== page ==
In Mexico, abortion is out from shadows
On the five-hour bus ride from Guadalajara to this capital city, Rocio Medeles cried over her misfortune.
She was a 26-year-old single mother, pregnant by a man who was about to marry someone else. In the past, she would have been presented with a stark choice: Have the baby, or risk permanent damage to her health at one of Guadalajara’s many underground abortion clinics.
But in April, legislators decriminalized abortion in Mexico City’s Federal District, about 350 miles away. Since May, more than 3,400 women have received abortions at 14 of the capital’s public hospitals.
“If it hadn’t been for the option to go to the Federal District, I probably wouldn’t have risked a clandestine abortion,” said Medeles, who traveled to Mexico City for the procedure in September with her 6-year-old daughter. “I might have had the baby, although I probably would have given it up for adoption.”
Abortion remains illegal in the rest of Mexico, as it is in nearly all of Latin America. A group of activists, most of whom are Roman Catholics, routinely picket public hospitals here to condemn abortion.
But in Mexico City, legalization is bringing a profound, if quiet, change to the way thousands of women lead their lives. In a country where unwanted pregnancies often strip women of their independence and ambitions, the extraordinary number of legal abortions taking place every day is beginning to diminish the procedure’s considerable cultural stigma.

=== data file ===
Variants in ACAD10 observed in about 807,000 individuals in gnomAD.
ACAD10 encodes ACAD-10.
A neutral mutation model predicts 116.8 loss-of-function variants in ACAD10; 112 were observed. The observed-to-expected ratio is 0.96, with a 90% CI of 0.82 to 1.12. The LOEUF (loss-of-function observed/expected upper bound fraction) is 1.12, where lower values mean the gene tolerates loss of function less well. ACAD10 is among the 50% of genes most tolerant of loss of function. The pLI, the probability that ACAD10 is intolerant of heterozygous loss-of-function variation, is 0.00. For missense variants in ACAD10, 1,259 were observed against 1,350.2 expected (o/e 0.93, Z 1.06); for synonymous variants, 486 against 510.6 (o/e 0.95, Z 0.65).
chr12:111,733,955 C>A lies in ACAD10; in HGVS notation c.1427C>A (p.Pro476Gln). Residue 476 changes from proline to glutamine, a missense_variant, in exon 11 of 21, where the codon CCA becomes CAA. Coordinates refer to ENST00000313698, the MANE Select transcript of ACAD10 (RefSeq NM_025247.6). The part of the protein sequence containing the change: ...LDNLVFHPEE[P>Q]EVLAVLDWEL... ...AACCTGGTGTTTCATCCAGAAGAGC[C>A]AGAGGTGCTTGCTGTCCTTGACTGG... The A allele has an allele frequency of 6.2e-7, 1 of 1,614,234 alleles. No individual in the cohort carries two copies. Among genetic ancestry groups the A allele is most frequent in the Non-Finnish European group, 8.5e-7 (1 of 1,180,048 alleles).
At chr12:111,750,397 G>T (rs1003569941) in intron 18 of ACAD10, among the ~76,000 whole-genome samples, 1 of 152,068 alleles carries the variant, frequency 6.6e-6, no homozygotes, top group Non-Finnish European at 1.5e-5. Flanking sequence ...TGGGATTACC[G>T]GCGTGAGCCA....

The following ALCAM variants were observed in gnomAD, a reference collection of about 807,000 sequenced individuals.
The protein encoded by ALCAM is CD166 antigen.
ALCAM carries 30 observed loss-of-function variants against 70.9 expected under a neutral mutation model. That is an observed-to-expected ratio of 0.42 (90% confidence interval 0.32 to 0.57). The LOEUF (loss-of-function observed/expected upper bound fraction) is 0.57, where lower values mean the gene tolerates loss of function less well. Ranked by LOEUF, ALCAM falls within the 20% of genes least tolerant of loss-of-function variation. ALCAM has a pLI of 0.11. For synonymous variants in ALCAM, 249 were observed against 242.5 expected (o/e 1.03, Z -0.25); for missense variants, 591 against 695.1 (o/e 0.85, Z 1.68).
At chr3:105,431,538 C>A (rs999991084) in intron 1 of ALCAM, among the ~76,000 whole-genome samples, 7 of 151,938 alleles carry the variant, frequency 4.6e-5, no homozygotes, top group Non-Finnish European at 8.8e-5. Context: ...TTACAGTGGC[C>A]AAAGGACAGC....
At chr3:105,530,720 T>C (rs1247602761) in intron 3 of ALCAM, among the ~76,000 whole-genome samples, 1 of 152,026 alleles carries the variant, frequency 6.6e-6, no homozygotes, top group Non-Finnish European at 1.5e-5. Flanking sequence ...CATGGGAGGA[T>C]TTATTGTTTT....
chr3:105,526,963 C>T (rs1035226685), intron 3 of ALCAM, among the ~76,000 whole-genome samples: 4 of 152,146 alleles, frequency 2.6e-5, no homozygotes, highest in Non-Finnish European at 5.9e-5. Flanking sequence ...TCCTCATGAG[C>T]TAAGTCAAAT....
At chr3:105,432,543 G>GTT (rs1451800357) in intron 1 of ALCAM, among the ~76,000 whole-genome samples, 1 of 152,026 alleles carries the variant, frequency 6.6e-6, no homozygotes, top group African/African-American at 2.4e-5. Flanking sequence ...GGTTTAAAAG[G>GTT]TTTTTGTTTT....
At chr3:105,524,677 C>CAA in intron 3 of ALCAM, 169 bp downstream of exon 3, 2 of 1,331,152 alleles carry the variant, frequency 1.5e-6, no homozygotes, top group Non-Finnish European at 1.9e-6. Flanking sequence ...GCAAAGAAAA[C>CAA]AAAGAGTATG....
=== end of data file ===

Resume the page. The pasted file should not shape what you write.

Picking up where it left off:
“When people think of abortion, they no longer think of a hidden, shameful, illegal, clandestine and expensive procedure that is full of risks,” said Marta Lamas, who founded Mexico’s leading abortion rights group in 1992.
Ana, a 22-year-old Mexico City law student, decided to have a legal abortion after much soul-searching and worry.
“I thought about being pregnant with my studies half-done, with my parents yelling at me, and my boyfriend desperate about money,” Ana, who asked that her last name not be published, wrote in an e-mail to The Times. “I thought, ‘I don’t want this for my life.’ ”
Ana’s experience at a Mexico City public hospital included pre- and post-abortion counseling sessions. Like most women undergoing abortions at public hospitals here, she paid nothing for the procedure.
City officials say a range of women and girls have had abortions at the city’s hospitals since May, including at least one 11-year-old. A quarter came from outside the city, officials said, some from as far as Baja California, more than 1,000 miles away.
Mexico’s Supreme Court is expected to rule early next year on a petition to have Mexico City’s law overturned on constitutional grounds. Abortion opponents are skeptical about their chances.
“It will be difficult, because attitudes are changing,” said Jorge Serrano Limon, leader of the National Pro-Life Committee, the leading antiabortion group here. “The pro-abortion current is growing tremendously. At the beginning, there was resistance in the medical community. Now there isn’t any.”